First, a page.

I am firmly of the opinion that there is a deep and significant divide between academia and business which has created a vast commercialization chasm in many economic regions of Canada. IMHO the commercialization chasm is one of the greatest barriers to future prosperity in Canada and at the root of our multi-generational lack lustre performance in innovation. Canadian innovation policy is often drafted in isolation by either academics or policy analyst experts with little to no grasp on the practical realities of innovation and entrepreneurship. The following quote IMHO sums up the source of current innovation situation very succinctly:
“Learning entrepreneurship in school is a bit like learning to ski by reading a book on the beach.” Unknown
The same concept of book based policy development applies to innovation. There are plenty of organizations and think tanks in Canada writing reports on what’s wrong with innovation in Canada. For example, The Conference Board of Canada has been producing report cards on Canadian economic performance for close to 20 years and the latest was issued on September 3, 2015. The Canadian Council on Academics has produced close to a dozen virtually identical reports on Canada’s Innovation Paradox that allege weak business spending is at the heart of Canada’s innovation malaise. However, while authors continue to churn out papers, these reports contribute very little toward practical change or progress toward a solution. What Canada needs is a lot less talk and academic papers and a lot MORE action.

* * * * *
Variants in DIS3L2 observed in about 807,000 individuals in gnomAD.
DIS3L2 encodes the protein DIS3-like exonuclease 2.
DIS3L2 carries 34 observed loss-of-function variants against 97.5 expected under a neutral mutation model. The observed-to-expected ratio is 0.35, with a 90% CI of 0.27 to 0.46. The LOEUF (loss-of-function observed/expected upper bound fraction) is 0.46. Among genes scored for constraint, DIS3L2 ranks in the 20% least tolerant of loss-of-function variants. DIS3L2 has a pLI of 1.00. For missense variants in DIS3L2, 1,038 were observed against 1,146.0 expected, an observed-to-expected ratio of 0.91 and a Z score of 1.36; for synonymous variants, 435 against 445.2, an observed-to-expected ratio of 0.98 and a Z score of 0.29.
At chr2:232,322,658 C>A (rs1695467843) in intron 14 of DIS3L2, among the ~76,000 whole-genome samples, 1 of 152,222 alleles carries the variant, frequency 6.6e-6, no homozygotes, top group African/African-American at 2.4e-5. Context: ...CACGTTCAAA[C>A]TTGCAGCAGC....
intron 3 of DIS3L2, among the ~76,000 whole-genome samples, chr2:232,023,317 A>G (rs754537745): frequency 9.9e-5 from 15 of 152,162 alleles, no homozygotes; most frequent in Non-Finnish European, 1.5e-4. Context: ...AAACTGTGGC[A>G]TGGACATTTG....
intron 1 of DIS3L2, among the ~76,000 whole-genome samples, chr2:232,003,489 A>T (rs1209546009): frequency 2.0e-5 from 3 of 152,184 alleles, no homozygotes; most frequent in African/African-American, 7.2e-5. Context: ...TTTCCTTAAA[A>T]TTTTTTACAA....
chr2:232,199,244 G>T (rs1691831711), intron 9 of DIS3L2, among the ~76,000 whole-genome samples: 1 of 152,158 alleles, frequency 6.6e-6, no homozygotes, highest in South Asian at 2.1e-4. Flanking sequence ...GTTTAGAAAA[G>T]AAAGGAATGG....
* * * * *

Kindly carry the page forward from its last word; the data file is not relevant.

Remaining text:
I have been fascinated by macro-economics, innovation, organizational behaviour and how highly interleaved these topics are for more than a decade and spent a lot of my spare time reading, writing and researching these topics. I also took the entrepreneurial leap myself and started my own business gaining a sincere practical, experiential appreciation for challenges faced by early stage businesses. The very early stage self-funded growth business perspective on entrepreneurship is conspicuously absent from almost all policy discussions. Evidence to this fact is that Industry Canada categorizes all business under 500 employees as SME (Small and Medium Enterprise).
The purpose of The BIG Picture is to spark some healthy discourse and discussion regarding policy which has a major impact on Canadian innovation performance and therefore our economic future. If you agree with some of the posts here, great - would love to hear from you. If you don’t, even better ... your opinion would be much appreciated.
- Ian Graham